Microplastics found in human blood: potential cardiovascular threat

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A study published in the journal Environment International finds traces of microplastic polymers in human blood. The sizes and shapes of polymers raise a serious concern over the possible risk of developing cardiovascular complications.

Study: Microplastics in human blood: Polymer types, concentrations and characterisation using μFTIR. Image credit: Shutterstock AI GeneratorStudy: Microplastics in human blood: Polymer types, concentrations and characterisation using μFTIR. Image credit: Shutterstock AI Generator

Background

Microplastics are synthetic plastic particles that can be found ubiquitously across multiple environments, including air, water, soil, and the food chain. Primary microplastics are produced intentionally for commercial use, which subsequently undergo a natural breakdown process (weathering) to generate secondary microplastics.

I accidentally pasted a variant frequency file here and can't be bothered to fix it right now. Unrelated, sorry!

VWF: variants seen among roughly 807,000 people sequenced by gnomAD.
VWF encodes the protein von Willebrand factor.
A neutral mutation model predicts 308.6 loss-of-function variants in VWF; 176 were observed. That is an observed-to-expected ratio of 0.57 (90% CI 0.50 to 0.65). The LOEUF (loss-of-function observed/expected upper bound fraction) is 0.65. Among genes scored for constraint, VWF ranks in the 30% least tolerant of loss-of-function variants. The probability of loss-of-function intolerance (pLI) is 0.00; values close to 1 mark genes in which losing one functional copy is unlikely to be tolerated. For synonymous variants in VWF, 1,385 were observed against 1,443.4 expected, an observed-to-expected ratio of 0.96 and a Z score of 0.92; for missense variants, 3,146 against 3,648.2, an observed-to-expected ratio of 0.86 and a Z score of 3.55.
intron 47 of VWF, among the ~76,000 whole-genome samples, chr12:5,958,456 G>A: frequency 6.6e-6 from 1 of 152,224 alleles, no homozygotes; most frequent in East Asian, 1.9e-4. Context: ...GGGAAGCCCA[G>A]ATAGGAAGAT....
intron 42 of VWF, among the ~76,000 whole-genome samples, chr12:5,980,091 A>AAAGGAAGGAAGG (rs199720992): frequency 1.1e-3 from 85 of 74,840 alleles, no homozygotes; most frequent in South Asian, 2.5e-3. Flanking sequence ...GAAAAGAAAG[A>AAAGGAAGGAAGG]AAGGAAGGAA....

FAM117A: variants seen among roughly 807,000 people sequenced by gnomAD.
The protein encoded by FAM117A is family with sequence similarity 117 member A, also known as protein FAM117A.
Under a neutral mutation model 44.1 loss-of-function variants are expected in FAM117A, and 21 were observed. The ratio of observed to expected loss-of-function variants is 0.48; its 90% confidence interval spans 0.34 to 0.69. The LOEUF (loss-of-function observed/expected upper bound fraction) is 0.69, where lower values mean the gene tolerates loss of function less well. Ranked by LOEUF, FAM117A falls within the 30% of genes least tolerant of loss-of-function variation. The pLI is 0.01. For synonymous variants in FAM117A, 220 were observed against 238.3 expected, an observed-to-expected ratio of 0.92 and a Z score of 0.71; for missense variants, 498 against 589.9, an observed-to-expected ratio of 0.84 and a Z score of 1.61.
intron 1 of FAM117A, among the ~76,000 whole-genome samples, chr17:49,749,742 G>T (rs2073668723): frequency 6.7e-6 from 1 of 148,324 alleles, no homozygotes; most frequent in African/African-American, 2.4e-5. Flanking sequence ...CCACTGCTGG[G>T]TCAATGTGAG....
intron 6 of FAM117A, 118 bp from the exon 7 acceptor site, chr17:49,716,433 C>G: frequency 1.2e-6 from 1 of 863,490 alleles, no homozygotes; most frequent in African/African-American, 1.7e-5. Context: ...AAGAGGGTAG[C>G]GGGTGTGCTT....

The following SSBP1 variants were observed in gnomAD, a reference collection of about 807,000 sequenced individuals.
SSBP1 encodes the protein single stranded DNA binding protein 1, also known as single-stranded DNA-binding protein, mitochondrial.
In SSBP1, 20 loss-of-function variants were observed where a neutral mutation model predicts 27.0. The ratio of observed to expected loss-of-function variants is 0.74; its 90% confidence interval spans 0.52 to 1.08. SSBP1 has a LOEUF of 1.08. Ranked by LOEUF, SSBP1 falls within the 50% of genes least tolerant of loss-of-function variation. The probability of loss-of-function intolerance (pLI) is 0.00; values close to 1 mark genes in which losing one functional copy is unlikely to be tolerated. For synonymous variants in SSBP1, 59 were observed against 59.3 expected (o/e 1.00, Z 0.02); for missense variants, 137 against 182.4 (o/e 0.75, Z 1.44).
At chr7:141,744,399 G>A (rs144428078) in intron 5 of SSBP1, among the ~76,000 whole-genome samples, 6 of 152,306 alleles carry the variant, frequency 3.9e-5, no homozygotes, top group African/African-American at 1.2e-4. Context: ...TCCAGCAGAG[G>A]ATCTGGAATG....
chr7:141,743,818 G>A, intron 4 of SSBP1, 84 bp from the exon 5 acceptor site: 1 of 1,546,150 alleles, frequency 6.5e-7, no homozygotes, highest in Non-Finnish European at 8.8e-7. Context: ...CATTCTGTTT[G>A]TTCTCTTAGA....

Recent evidence indicates the presence of microplastics in a variety of human tissues and organs, including lungs, colon, liver, placenta, breast milk, vein, and testis. Microplastics could enter the bloodstream primarily through inhalation and ingestion.

The size and shape of microplastics are the major determinants of their potential health hazards, including inflammation, oxidative stress, barrier disruption, genetic instability, reproductive complications, developmental and endocrine disorders, blood clot formation, and cardiovascular complications.